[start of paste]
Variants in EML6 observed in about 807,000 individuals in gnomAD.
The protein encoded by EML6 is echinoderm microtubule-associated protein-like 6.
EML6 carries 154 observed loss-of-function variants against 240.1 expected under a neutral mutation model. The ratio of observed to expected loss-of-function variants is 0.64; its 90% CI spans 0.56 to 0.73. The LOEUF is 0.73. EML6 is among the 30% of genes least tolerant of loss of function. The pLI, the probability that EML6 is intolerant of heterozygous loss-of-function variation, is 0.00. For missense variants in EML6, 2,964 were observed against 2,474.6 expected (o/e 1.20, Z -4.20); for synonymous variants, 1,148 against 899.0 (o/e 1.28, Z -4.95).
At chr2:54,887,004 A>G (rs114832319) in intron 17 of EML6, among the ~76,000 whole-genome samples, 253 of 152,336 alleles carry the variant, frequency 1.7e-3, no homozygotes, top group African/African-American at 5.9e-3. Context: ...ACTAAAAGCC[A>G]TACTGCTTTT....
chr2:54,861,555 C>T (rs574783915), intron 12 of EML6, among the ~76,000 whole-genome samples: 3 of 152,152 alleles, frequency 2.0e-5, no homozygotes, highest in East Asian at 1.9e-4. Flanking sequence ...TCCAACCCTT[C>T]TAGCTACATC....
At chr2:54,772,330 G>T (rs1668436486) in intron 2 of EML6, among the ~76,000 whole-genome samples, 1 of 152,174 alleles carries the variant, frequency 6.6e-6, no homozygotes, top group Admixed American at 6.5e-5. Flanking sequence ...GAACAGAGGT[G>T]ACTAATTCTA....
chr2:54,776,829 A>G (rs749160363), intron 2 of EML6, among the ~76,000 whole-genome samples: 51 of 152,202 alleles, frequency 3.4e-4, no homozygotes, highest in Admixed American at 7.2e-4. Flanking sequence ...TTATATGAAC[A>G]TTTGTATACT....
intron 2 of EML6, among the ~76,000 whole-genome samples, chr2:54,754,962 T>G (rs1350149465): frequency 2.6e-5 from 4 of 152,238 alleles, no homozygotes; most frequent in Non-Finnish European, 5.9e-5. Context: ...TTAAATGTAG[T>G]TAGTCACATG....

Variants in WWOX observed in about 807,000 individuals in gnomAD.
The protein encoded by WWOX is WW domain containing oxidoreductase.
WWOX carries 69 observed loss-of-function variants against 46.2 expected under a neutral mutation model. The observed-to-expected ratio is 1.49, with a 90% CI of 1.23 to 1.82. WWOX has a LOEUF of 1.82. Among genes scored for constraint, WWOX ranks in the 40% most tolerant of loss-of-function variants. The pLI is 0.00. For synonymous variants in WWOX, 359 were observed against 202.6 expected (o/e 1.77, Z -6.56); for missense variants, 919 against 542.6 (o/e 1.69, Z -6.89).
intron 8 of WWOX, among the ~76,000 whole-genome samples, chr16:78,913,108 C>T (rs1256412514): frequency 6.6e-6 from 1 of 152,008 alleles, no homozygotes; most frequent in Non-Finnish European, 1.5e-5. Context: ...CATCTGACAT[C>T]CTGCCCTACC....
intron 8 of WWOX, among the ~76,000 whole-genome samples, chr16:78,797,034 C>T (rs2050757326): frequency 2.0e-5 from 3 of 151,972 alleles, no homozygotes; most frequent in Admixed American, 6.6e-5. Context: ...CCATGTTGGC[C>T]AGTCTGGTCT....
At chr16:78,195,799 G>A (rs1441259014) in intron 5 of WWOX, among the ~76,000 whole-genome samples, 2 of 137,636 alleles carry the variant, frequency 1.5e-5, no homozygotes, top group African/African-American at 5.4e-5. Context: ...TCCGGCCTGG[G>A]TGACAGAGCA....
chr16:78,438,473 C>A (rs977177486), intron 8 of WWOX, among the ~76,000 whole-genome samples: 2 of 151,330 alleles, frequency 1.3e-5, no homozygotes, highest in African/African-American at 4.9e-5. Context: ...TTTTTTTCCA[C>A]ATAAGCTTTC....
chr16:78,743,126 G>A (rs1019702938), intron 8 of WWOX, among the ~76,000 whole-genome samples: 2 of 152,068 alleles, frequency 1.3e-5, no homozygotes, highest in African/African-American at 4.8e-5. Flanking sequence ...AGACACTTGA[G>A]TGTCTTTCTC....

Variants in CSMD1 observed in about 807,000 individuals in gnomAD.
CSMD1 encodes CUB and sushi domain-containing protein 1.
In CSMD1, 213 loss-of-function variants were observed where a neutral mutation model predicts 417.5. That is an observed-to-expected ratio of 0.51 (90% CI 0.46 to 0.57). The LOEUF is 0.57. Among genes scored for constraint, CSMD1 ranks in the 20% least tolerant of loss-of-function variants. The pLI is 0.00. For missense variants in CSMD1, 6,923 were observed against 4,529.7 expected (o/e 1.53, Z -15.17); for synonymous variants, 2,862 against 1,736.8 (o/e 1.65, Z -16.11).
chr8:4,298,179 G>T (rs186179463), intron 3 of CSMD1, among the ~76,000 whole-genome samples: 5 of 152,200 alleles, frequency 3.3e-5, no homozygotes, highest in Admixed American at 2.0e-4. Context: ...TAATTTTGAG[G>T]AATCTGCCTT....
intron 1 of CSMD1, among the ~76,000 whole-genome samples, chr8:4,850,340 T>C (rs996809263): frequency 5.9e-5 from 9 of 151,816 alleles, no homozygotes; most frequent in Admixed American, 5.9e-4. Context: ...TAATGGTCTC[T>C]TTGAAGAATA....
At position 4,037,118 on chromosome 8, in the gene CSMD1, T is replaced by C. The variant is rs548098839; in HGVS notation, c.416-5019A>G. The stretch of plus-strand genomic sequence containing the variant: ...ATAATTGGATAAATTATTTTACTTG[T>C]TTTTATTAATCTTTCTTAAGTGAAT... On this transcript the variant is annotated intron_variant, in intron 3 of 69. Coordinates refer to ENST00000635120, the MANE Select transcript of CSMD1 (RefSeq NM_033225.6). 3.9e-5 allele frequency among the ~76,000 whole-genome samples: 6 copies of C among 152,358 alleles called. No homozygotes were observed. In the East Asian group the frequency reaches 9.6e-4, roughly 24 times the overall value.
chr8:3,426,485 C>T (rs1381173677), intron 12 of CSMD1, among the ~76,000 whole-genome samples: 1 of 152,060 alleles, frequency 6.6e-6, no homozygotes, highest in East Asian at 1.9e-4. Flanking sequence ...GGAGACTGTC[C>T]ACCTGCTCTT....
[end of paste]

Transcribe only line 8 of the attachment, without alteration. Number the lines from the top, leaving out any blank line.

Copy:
intron 2 of EML6, among the ~76,000 whole-genome samples, chr2:54,754,962 T>G (rs1350149465): frequency 2.6e-5 from 4 of 152,238 alleles, no homozygotes; most frequent in Non-Finnish European, 5.9e-5. Context: ...TTAAATGTAG[T>G]TAGTCACATG....